Arthur ‘Artie’ Moore was not aboard Titanic when disaster struck in the early hours of April 15th 1912. Nor was he instrumental in building the pride of the White Star Line. in fact, Artie was more than 3,000 miles away in the sleepy South Wales village of Pontllanfraith on that fateful night.
Artie, the eldest son of the local miller, was a very enthusiastic amateur wireless operator who had built his own equipment at the family’s Gelligroes Mill. It was with this early radio setup that he picked up the most famous SOS message of all time, as Titanic sank beneath the icy waves of the North Atlantic.
Quickly rushing to tell the local police who didn’t believe a word of what he was saying, the locals soon heard his incredible news. How could the Titanic possibly be lost at sea? She was, as everyone knew, unsinkable….This is his story.
This film is a Green Valley Film Production
Running time: 60 mins
Arthur Moore was born in Pontllanfraith, near Blackwood, where his father owned Gelligroes Mill. At a young age he was involved in an accident at the mill which resulted in the loss of the lower part of one of his legs and for the rest of his life wore a wooden leg. By the age of ten, he had developed an interest in amateur engineering and adapted a bike to cater for his wooden leg. After Moore and his brother took over operation of the mill from their father, they used a generator coupled to the mill wheel to charge batteries to provide electrical power for local farmers, who were not yet connected to the mains supply.
Home-made wireless station
In a garden shed and later in the loft of the mill, Moore built a rudimentary radio station consisting of a coherer-based receiver and a spark-gap transmitter, powered by batteries charged from the mill wheel. He strung copper wire across the River Sirhowy and uphill to a barn to create a large aerial system that enabled him to receive distant signals. In 1911, he intercepted the Italian government’s declaration of war on Libya and was featured on the front page of the London newspaper, ‘The Daily Sketch’.
Early on 15 April 1912, over a distance of more than 3,000 miles Moore heard the distress signal in Morse Code from Titanic, one of the first uses of “SOS”. He cycled to the police station in Caerphilly, where his report was discounted. Two days later, press reports confirmed the accuracy of his report, including that the ship’s wireless operator had used “SOS” in addition to the older “CQD” code for a ship in distress.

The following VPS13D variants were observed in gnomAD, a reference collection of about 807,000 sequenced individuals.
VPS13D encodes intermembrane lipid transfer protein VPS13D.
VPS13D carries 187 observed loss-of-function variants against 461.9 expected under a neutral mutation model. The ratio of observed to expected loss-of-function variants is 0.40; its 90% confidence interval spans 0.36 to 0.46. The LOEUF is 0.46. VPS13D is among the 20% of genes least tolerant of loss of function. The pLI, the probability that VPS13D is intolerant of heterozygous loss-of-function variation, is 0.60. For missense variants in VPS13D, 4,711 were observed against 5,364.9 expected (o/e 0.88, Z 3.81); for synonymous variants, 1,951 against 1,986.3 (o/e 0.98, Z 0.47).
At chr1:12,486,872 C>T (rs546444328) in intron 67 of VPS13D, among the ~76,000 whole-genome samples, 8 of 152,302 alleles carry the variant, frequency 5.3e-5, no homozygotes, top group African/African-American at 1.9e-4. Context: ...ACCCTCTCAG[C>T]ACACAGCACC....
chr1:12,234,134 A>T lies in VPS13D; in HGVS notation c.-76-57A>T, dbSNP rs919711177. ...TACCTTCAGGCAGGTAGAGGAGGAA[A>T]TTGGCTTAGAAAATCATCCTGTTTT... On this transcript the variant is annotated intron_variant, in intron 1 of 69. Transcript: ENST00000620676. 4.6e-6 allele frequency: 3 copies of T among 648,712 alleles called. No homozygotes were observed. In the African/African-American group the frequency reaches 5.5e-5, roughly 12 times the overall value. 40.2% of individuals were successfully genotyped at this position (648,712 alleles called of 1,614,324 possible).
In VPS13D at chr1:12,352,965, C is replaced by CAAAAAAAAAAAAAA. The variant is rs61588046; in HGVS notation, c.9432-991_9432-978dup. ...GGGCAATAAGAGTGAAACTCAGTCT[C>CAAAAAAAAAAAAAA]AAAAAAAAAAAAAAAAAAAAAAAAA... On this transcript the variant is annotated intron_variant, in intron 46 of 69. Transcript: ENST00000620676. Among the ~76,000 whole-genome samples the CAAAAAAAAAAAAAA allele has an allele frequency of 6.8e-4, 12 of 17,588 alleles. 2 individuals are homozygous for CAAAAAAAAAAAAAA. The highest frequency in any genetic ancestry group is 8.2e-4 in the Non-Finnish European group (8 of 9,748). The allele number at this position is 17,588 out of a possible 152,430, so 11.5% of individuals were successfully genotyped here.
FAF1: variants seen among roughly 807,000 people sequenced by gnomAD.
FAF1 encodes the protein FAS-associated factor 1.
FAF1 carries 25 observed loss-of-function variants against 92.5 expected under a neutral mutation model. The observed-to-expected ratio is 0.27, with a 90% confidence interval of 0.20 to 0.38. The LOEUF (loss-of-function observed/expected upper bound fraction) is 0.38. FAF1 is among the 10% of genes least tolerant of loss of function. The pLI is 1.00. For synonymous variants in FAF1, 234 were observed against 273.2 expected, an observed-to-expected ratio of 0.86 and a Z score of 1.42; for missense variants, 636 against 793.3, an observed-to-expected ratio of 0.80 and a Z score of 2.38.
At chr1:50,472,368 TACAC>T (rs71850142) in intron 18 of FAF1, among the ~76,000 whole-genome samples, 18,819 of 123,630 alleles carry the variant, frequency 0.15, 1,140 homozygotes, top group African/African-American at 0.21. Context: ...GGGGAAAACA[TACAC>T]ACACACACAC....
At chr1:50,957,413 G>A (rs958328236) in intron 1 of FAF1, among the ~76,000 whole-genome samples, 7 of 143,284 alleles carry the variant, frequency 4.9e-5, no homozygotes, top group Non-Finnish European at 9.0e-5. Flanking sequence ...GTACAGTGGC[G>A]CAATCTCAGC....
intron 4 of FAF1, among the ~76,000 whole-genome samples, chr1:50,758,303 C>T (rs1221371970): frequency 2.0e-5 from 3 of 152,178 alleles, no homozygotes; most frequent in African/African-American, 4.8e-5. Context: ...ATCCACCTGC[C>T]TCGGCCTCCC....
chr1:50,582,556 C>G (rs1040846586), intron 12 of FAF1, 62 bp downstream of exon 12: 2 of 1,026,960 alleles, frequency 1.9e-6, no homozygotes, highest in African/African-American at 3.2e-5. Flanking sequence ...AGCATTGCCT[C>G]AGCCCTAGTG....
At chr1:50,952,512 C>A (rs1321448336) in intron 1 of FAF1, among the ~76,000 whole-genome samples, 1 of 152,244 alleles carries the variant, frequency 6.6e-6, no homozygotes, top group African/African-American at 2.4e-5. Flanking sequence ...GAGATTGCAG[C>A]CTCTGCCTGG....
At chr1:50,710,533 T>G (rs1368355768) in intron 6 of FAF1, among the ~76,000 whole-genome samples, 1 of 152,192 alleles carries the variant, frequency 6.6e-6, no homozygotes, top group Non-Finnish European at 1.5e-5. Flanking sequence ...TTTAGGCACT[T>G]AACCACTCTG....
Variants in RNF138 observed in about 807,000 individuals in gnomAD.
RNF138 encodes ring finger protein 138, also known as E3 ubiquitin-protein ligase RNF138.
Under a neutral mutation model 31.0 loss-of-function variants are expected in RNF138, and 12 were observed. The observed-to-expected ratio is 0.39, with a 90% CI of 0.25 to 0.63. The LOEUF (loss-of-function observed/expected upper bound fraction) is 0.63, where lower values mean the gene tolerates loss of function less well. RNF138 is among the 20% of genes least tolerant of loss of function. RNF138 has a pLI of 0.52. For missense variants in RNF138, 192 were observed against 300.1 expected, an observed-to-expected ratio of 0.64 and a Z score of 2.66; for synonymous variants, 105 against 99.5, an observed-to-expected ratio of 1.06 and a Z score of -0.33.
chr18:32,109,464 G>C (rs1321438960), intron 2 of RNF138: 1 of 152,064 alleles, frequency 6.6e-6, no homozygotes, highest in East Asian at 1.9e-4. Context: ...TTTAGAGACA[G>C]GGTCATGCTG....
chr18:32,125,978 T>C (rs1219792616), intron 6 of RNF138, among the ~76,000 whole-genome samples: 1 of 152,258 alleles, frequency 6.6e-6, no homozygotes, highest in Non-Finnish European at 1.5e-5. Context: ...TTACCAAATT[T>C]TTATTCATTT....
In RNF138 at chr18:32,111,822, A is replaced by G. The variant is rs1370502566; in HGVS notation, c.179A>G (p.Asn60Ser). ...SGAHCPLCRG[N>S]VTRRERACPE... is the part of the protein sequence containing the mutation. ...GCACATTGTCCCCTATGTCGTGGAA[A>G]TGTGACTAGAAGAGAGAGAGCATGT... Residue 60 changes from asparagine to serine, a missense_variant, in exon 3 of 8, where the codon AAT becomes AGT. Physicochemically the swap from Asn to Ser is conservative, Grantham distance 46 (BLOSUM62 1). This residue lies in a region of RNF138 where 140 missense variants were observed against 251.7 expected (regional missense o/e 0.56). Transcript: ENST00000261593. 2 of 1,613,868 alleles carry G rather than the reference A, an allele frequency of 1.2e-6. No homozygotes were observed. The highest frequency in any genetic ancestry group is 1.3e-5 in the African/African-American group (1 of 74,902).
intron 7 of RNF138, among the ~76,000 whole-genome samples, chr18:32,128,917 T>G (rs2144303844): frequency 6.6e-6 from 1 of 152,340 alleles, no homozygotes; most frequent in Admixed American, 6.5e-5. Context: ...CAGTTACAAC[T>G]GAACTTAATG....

In summer 1912, the publicity surrounding Moore’s hearing the Titanic‘s distress signal led to the then Monmouthshire Education Committee offering him a scholarship to the British School of Telegraphy in London. After three months of study, he was advised by the principal there to enter for a Government examination in Wireless Telegraphy and Morse Code, in which he was successful.
Guglielmo Marconi, the wireless pioneer, had predicted a range of above 2,000 miles for wireless reception, which Moore had greatly exceeded. After a local resident wrote to him about Moore, Marconi visited him and offered him a position as a draughtsman at the Marconi Company. Appointed in 1914 to the Ship Equipment Department, he worked for Marconi’s companies for the rest of his career.
During the First World War, Moore became a technician in “special Admiralty fittings”, working on the clandestinely armed Q-ships and designing and supervising the installation of wireless equipment on the Dreadnought-class battleships HMS Invincible and HMS Inflexible to enable them to communicate with Britain on their mission to the Falkland Islands. After the war, he was transferred to Liverpool, where he headed the newly formed Ship Equipment Department. In 1923, he was transferred to the Marconi International Marine Communication Company and appointed manager at Avonmouth, where he remained until his retirement in 1947. In 1922, he patented an early form of sonar and during the Second World War, his sonar work was instrumental in helping Allied ships avoid German U-Boats in the North Atlantic.
Later life and death
Soon after his retirement, Moore developed leukaemia; he moved to Jamaica to recuperate, but six months later returned to England, where he died in a convalescent home in Bristol on 20 January 1949.
Information taken from Wikipedia